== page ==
Peace Day - September 21, 2008 - 15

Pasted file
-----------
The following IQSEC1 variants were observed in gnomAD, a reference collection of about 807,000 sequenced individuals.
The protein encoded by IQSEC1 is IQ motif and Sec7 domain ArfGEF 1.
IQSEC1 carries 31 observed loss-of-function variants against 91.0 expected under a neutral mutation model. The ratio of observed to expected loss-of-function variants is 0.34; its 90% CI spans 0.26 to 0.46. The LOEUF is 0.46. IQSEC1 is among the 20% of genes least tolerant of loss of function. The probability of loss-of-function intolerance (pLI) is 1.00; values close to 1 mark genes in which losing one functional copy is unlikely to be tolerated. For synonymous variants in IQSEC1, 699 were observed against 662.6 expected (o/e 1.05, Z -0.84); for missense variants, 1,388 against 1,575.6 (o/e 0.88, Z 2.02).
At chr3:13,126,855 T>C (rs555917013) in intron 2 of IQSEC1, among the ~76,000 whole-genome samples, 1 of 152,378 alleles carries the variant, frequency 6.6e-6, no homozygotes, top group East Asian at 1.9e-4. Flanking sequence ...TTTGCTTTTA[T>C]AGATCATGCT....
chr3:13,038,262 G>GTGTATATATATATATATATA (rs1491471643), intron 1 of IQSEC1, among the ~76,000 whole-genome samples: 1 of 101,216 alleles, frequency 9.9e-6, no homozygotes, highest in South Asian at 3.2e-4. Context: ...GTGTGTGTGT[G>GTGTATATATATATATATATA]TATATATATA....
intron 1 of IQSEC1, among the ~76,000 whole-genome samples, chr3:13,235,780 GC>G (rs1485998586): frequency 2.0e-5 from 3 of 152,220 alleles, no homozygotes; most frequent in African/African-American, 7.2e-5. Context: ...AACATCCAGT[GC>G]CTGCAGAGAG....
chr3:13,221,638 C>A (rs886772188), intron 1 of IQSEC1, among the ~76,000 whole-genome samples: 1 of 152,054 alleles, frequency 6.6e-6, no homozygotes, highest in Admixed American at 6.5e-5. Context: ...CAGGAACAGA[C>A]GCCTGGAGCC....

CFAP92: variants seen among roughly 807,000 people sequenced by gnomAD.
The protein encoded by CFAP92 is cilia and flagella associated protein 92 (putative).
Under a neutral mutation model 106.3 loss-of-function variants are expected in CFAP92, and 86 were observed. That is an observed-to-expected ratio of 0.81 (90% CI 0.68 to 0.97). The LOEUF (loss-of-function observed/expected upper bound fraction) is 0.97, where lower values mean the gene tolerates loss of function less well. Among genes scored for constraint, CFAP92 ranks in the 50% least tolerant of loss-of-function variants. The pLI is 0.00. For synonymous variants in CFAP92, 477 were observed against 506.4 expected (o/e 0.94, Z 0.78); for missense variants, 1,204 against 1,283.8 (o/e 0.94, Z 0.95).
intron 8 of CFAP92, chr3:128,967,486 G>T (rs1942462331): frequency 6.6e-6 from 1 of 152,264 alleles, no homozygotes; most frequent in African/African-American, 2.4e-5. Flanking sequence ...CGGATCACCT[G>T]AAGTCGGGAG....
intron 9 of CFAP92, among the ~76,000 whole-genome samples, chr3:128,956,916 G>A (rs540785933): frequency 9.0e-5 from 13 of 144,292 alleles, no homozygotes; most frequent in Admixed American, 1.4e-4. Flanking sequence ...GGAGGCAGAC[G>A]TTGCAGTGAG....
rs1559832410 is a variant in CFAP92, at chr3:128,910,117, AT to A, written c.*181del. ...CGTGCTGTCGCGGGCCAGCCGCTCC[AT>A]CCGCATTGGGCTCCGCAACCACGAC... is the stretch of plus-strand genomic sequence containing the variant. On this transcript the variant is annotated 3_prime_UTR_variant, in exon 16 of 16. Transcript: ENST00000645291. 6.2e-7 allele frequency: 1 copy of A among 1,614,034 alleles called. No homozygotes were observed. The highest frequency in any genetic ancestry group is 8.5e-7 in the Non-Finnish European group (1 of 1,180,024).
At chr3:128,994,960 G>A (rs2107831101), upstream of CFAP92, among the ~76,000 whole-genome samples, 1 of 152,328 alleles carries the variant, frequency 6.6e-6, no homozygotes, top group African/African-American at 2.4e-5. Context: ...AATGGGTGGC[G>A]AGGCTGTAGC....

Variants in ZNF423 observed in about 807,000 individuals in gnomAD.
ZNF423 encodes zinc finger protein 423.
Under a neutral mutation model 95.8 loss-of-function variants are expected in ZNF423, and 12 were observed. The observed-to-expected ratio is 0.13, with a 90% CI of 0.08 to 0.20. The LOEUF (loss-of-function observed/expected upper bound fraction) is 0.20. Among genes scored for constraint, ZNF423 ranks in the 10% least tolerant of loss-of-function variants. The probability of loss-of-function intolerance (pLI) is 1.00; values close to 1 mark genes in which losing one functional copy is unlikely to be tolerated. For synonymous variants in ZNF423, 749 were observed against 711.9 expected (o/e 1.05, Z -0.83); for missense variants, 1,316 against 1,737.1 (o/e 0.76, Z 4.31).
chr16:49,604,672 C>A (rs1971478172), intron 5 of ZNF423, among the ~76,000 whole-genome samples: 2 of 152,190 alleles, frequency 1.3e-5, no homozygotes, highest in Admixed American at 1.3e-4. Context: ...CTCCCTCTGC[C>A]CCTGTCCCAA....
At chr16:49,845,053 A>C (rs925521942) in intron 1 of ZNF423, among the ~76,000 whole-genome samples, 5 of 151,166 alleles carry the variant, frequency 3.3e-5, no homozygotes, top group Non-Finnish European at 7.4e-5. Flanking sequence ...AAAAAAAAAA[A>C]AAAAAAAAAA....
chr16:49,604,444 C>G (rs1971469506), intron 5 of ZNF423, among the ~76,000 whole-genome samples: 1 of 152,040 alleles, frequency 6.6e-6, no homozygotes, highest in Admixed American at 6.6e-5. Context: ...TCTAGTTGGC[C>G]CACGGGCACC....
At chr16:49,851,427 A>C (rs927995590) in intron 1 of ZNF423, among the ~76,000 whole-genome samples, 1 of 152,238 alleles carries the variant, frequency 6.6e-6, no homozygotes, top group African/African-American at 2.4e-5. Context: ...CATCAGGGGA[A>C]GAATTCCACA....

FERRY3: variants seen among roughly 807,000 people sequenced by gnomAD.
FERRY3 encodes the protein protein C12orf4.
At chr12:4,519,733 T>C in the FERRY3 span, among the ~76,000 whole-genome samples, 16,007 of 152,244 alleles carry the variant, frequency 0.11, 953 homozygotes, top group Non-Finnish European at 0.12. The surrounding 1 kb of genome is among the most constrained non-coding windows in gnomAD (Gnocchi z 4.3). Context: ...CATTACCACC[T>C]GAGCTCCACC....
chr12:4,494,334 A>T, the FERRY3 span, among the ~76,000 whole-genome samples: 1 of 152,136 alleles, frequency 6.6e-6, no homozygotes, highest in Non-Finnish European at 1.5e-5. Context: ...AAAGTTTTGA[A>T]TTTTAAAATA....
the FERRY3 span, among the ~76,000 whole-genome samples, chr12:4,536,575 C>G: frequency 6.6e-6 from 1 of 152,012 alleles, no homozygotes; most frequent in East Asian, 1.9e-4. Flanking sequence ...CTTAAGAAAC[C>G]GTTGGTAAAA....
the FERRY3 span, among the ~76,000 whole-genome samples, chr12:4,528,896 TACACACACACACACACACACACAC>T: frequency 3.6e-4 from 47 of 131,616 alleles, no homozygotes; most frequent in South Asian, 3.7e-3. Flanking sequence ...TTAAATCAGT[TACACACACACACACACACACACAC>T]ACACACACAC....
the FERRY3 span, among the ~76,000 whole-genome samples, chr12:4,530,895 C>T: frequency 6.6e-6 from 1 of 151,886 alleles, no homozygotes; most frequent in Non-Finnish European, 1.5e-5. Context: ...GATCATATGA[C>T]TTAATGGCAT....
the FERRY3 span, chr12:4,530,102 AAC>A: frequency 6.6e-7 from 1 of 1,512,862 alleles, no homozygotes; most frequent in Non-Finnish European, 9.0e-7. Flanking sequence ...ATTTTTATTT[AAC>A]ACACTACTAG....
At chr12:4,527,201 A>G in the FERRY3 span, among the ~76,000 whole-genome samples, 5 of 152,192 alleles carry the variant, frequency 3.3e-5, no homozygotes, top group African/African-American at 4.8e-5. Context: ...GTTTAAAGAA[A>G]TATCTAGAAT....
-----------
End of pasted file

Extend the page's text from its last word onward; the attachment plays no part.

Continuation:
Wouldn’t it be wonderful to establish a universal Peace Day? In my early childhood, I saw people doing very simple things – someone helping an elderly person across the street, catching rainwater for conservation, and planting gardens and sharing food with their neighbors because everyone was on rations. To me, these were practical acts of Peace. That was when I was four years old, and when the idea of a World Peace Day inspired me. The UN didn’t exist yet then, but if such an organization ever existed, I thought, this is where it needs to be established. Starting in 1961, as a university student in Washington, D.C., I began gathering students from different nations from both University and Graduate schools to talk about this idea of establishing a universal Peace Day. In the early 1960’s, with the assistance of Brindaban from India and Valentine Gammel from the diplomatic service, I began gathering international students together from different nations, planting the seed of this idea, and engaging in discussions with people from different perspectives on world issues - coming into what I called the Peace Council process.. These informal, ‘offrecord’ Peace Councils became so popular students would bring the ambassadors from their different countries. An ongoing commitment of these Peace Councils was that we would all work toward the establishment of a World Peace Day through the United Nations. So, seeds were planted in the early 60’s for a World Peace Day. I simply continued my commitment, working with colleagues who were linked with the United Nations and with the Diplomatic Service. One of them was my dear friend and colleague, Robert Muller, who at the time was Assistant Secretary-General of the UN, Avon Mattison (right) with UN Secretary General Ban Ki Moon and who now is also a Director Emeritus of Pathways To Peace. This idea and these seeds eventually came to fruition in 1981 with the establishment of The International Day of Peace by an unanimous Resolution of the United Nations. At the UN, there were many people involved with what is now known as the International Day of Peace. The truth is that any significant idea that is of benefit to humanity and the earth always has to arise from multiple people or multiple organizations within the consciousness of humanity. with Robert Muller, and with citizens and with NGO’s to begin building awareness of, and participation in, the International Day of Peace from its inception. PTP began working with the UN to establish an annual ceremony at UN Headquarters in New York which involved bringing the Peace Bell and the delivery of a special message by the Secretary-General on the International Day of Peace. In addition, PTP began working with NGO’s to inform them about this annual Peace Day, and to establish a celebration in the city where the UN was founded – San Francisco. Since the Preamble of the UN Charter begins with “We The Peoples…,” PTP realized that UN cannot be asked to do what citizens are not willing to do. Thus, PTP convening Peace Councils In San Francisco. We brought together representative of different sectors/pathways of society, including diverse religions, NGOs, government agencies, schools, etc. We began a series of monthly convenings to work together, acting in concert to plan an event for Peace Day. We worked for one year to put on something that was intergenerational, intercultural and, when, appropriate interfaith, that would benefit the larger community – in keeping with the resolution establishing the International Day of Peace. www.worldpeaceemerging.com By 1984, there were citizens of over 60 nations around the world who joined the citizens of San Francisco and with the United Nations in observing Peace Day in their own way. It was the first unanimous resolution ever passed by the UN General Assembly that created a day that was completely focused around Peace. The language of the resolution is very inspiring. The original is so brilliant, it’s universal and timeless. But when it was established it went unnoticed -- even by the UN. Pathways To Peace (PTP) began working with the Office of the Secretary-General and 15
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